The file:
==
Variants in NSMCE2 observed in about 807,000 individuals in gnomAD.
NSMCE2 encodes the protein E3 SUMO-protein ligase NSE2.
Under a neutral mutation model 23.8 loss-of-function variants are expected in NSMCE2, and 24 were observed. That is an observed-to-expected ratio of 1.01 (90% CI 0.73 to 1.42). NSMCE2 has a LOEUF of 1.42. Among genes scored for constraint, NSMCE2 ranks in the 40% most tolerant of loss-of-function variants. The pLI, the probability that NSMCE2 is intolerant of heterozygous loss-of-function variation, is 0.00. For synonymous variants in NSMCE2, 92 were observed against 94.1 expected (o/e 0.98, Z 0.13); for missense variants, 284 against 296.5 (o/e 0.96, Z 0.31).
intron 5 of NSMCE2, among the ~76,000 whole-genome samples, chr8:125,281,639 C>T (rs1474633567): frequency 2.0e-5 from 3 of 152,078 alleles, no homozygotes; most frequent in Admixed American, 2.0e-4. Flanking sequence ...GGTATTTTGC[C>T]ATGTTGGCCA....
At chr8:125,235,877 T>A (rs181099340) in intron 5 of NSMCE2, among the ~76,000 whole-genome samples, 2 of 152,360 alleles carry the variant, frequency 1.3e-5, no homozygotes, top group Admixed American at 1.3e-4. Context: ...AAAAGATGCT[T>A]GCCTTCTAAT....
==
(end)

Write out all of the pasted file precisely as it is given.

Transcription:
Variants in NSMCE2 observed in about 807,000 individuals in gnomAD.
NSMCE2 encodes the protein E3 SUMO-protein ligase NSE2.
Under a neutral mutation model 23.8 loss-of-function variants are expected in NSMCE2, and 24 were observed. That is an observed-to-expected ratio of 1.01 (90% CI 0.73 to 1.42). NSMCE2 has a LOEUF of 1.42. Among genes scored for constraint, NSMCE2 ranks in the 40% most tolerant of loss-of-function variants. The pLI, the probability that NSMCE2 is intolerant of heterozygous loss-of-function variation, is 0.00. For synonymous variants in NSMCE2, 92 were observed against 94.1 expected (o/e 0.98, Z 0.13); for missense variants, 284 against 296.5 (o/e 0.96, Z 0.31).
intron 5 of NSMCE2, among the ~76,000 whole-genome samples, chr8:125,281,639 C>T (rs1474633567): frequency 2.0e-5 from 3 of 152,078 alleles, no homozygotes; most frequent in Admixed American, 2.0e-4. Flanking sequence ...GGTATTTTGC[C>T]ATGTTGGCCA....
At chr8:125,235,877 T>A (rs181099340) in intron 5 of NSMCE2, among the ~76,000 whole-genome samples, 2 of 152,360 alleles carry the variant, frequency 1.3e-5, no homozygotes, top group Admixed American at 1.3e-4. Context: ...AAAAGATGCT[T>A]GCCTTCTAAT....